Pin this one on those in charge

Rumors about Jake Locker's future continue to circulate like gossip around a sewing circle. Will he try his hand at defense? What can he do with a cast on his throwing hand? One thing is sure; the Huskies' quarterback, having suffered a thumb fracture in the second quarter of Washington's 35-28 loss to Stanford Saturday night, won't be able to play every position on defense.

Not even 11 Jake Lockers could help at this point.

"We couldn't put ourselves in the right positions to give ourselves enough stops to keep our offense on the field to get it done," UW Head Coach Tyrone Willingham told the press afterward. "We can't seem to get in the right rhythm. We are not where we'd like to be, and we're trying to figure it out. We haven't found that cure."

Up 'til Saturday night, Stanford had averaged a paltry 272 yards per game offensively; against the Huskies they rumbled for 466, seemingly able to do whatever they wanted to. Toby Gerhart, averaging 102 yards a game rushing for the Cardinal, was knocked out of the game due to a vicious hit by Washington middle linebacker Donald Butler. Thought was, you hold Gerhart in check and force Stanford quarterback Tavita Pritchard to throw, you play into the hands of a young, but talented Washington defense looking for success.

In the grand scheme of things, Gerhart's 14 total yards meant nothing; all Stanford had to do was insert their number-two back - Anthony Kimble, and his 23 yards-per-game average. His long run to date in 2008? 12 yards. He did one better than that on his first touchdown run, and then ripped off an 83-yard burst off right tackle for the score that essentially put the Huskies out of reach.

The last time Washington gave up an 80-yard run? You guessed it; a Tyrone Willingham-coached Stanford team, back in 2001. The difference? The Huskies won that game, 42-28. In fact, they had won 11 straight against the Cardinal at Husky Stadium, from 1977 to 2006. That game two years ago was the infamous 'Suddenly Senior' game, and it hasn't felt like the coaches have gotten back on track since then.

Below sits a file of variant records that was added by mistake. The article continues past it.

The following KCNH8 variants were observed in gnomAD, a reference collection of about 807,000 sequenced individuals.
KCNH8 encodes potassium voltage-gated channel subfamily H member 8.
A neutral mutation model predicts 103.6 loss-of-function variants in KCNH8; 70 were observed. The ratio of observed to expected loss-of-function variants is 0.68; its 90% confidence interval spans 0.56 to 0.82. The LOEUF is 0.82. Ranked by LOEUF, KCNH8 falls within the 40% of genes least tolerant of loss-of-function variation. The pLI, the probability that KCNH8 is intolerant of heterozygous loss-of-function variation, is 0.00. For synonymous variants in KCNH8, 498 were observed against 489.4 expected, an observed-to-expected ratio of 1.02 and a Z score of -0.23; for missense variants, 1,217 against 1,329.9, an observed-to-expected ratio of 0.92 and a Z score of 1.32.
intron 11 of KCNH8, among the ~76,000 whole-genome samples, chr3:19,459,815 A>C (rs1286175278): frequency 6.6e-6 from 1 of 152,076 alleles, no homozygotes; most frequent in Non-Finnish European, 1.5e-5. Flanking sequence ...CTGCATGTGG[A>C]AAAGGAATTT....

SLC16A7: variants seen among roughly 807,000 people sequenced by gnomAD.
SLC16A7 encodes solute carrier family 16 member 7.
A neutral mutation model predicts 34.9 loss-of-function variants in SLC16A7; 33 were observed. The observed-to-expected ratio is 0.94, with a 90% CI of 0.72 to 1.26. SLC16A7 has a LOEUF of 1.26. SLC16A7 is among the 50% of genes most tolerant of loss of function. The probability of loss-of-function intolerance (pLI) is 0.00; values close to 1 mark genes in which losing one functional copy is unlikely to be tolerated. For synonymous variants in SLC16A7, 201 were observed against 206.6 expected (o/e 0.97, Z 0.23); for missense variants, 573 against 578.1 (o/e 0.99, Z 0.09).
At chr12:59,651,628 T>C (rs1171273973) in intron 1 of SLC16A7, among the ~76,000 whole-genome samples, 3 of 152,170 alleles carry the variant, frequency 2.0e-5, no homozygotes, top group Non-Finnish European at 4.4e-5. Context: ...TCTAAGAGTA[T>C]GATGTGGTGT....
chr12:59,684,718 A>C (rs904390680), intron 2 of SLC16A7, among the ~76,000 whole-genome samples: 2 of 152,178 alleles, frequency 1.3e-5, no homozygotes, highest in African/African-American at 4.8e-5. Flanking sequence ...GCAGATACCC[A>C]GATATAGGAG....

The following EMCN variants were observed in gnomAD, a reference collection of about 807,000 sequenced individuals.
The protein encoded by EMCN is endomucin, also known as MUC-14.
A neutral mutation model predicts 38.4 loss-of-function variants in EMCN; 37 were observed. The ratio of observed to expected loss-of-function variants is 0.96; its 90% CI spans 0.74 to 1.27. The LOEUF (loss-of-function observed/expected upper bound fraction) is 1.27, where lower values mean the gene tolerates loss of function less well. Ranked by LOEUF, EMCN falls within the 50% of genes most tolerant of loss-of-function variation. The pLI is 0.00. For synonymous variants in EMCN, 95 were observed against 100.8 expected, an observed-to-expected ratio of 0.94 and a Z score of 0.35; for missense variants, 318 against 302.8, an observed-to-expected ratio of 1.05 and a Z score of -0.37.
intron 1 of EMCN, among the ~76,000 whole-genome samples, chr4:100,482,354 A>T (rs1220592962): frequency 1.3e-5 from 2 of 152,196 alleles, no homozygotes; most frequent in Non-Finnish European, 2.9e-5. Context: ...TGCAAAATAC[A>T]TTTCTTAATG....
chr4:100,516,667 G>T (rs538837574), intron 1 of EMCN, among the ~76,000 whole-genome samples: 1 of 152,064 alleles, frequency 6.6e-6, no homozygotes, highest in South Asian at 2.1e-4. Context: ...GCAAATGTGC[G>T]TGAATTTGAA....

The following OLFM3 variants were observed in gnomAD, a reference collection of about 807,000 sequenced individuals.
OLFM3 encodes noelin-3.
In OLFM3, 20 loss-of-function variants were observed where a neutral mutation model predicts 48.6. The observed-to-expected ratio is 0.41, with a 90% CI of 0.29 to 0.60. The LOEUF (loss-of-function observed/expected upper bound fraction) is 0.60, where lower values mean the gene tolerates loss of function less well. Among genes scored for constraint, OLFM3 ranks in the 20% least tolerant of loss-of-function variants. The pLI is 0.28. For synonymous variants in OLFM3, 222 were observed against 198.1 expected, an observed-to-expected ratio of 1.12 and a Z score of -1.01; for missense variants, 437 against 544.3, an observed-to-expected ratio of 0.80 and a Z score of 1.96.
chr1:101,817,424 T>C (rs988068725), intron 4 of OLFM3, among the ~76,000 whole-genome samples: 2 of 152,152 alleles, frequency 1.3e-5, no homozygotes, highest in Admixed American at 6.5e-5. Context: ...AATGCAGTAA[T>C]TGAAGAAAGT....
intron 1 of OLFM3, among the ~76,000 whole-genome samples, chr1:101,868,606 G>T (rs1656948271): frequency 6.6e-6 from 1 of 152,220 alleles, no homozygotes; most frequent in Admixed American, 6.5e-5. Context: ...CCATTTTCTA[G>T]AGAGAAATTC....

"Having lost to this team two times has been very difficult, very painful," Willingham said.

So where's the disconnect? What has taken place to give Willingham his first 0-4 start in his career? What has gone on to produce such lopsided results? The Huskies have been outscored 162 to 79, an average of 40.5 to 19.8. They have been doubled up in the rushing department (911-455) and have given up third downs at an alarming rate (67 percent).

"That's the million-dollar question; what is it that hasn't allowed us to turn the corner and get it going right?" Willingham said.

I'll hazard a guess; it might have to do with the one asking the question.

What's the old poker adage? If you sit down at a table and can't spot the sucker after 30 minutes, you are the sucker. Apparently in football years, that means 40 games. "I keep believing that we have the team to get it done," Willingham added. "But for some reason, we're not."

What stings most is seeing how other teams with new coaches are getting it done. Stanford Head Coach Jim Harbaugh already put together a signature win in his very first year, defeating No. 1 USC in their house. Arizona, under Mike Stoops, beat No. 2 Oregon last year. Oregon State's Mike Riley, who has been in Corvallis only two years longer than Willingham has been in Seattle, has two wins over No. 1 teams. Even beleaguered Paul Wulff at Washington State has more wins in his first year than Willingham has currently in his fourth.